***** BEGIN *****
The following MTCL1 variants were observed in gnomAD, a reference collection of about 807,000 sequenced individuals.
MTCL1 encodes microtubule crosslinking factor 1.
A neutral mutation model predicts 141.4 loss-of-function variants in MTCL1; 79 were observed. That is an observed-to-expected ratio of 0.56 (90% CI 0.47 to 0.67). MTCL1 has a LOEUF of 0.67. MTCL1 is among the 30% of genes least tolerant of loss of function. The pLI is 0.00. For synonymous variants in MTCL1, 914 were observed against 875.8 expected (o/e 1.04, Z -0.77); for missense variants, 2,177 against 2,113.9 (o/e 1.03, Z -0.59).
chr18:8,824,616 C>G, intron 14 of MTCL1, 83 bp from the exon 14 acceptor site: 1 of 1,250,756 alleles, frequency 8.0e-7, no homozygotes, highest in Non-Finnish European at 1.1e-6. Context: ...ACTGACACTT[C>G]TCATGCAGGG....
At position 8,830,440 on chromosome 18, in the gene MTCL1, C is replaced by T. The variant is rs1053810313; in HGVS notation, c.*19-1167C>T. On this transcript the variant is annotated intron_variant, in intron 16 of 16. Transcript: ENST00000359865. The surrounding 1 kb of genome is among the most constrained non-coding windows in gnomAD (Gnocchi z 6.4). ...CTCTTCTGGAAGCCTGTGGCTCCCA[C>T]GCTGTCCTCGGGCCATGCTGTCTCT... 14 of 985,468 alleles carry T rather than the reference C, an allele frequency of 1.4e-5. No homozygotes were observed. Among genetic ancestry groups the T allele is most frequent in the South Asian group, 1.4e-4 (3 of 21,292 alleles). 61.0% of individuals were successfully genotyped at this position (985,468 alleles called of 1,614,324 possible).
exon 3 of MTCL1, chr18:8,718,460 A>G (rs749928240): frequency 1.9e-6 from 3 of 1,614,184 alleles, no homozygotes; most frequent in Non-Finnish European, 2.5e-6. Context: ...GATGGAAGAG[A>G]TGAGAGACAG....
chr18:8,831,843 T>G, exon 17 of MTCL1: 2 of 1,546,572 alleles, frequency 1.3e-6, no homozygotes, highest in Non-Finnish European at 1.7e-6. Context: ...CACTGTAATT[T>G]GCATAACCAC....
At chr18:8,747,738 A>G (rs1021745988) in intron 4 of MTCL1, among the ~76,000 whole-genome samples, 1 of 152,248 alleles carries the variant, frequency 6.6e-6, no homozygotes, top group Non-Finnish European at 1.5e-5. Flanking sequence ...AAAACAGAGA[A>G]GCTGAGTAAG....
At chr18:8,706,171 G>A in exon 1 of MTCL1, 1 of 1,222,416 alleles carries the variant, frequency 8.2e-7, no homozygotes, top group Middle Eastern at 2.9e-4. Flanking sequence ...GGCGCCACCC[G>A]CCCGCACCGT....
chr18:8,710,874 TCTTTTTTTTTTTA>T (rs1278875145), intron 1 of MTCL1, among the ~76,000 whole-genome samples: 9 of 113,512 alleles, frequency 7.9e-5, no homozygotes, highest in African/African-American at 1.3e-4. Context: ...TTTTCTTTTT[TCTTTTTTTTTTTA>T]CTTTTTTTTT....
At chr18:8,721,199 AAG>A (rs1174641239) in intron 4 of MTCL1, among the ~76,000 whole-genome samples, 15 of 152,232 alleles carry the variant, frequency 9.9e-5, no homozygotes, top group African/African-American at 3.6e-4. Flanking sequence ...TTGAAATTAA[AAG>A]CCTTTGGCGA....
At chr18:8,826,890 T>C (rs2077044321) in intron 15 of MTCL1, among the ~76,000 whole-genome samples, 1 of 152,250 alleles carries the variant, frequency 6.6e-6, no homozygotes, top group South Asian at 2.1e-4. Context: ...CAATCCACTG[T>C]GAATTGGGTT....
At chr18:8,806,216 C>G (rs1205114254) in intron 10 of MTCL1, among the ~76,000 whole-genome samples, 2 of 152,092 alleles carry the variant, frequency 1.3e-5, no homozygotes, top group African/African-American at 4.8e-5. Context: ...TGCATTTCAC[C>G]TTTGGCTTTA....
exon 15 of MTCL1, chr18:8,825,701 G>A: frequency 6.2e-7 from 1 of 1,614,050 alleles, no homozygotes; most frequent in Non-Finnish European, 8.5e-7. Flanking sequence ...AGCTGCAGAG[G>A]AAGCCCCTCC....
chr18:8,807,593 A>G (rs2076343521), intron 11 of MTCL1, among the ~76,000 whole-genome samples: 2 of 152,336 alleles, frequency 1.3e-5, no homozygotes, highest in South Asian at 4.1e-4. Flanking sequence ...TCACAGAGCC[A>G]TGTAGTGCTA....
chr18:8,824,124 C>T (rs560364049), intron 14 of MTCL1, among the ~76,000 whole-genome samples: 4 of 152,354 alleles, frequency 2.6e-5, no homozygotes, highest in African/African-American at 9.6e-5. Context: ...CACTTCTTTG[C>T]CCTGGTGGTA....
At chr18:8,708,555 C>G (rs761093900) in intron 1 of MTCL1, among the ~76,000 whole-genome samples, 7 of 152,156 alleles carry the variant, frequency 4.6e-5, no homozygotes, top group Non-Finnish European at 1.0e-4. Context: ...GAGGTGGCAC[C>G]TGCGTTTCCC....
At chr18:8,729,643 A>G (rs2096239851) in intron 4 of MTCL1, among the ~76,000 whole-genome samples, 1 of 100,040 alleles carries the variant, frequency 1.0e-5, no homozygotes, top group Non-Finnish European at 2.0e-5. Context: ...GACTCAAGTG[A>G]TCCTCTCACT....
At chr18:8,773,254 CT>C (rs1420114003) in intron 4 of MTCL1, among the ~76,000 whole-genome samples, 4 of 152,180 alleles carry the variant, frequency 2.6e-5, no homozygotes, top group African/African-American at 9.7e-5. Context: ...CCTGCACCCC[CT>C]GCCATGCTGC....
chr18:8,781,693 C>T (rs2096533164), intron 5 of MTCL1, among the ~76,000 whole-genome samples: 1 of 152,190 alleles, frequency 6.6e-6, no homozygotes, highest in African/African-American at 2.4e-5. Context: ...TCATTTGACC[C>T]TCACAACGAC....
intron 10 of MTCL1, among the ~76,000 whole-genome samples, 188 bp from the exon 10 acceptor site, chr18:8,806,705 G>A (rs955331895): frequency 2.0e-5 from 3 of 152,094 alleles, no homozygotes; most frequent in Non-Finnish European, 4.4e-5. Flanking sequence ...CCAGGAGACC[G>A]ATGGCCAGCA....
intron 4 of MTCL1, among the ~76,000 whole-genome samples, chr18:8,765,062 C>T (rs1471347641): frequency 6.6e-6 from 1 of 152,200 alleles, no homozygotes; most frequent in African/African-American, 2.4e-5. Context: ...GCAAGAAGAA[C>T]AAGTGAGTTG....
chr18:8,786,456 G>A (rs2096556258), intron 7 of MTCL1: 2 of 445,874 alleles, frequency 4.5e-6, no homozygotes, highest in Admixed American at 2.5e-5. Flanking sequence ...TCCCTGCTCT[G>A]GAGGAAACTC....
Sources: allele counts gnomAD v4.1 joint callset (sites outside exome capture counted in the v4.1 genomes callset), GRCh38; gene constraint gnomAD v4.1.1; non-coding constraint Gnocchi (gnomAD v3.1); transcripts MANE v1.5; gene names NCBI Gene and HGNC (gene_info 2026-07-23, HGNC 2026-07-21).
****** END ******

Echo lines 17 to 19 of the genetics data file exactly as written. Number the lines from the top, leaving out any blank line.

At chr18:8,708,555 C>G (rs761093900) in intron 1 of MTCL1, among the ~76,000 whole-genome samples, 7 of 152,156 alleles carry the variant, frequency 4.6e-5, no homozygotes, top group Non-Finnish European at 1.0e-4. Context: ...GAGGTGGCAC[C>G]TGCGTTTCCC....
At chr18:8,729,643 A>G (rs2096239851) in intron 4 of MTCL1, among the ~76,000 whole-genome samples, 1 of 100,040 alleles carries the variant, frequency 1.0e-5, no homozygotes, top group Non-Finnish European at 2.0e-5. Context: ...GACTCAAGTG[A>G]TCCTCTCACT....
At chr18:8,773,254 CT>C (rs1420114003) in intron 4 of MTCL1, among the ~76,000 whole-genome samples, 4 of 152,180 alleles carry the variant, frequency 2.6e-5, no homozygotes, top group African/African-American at 9.7e-5. Context: ...CCTGCACCCC[CT>C]GCCATGCTGC....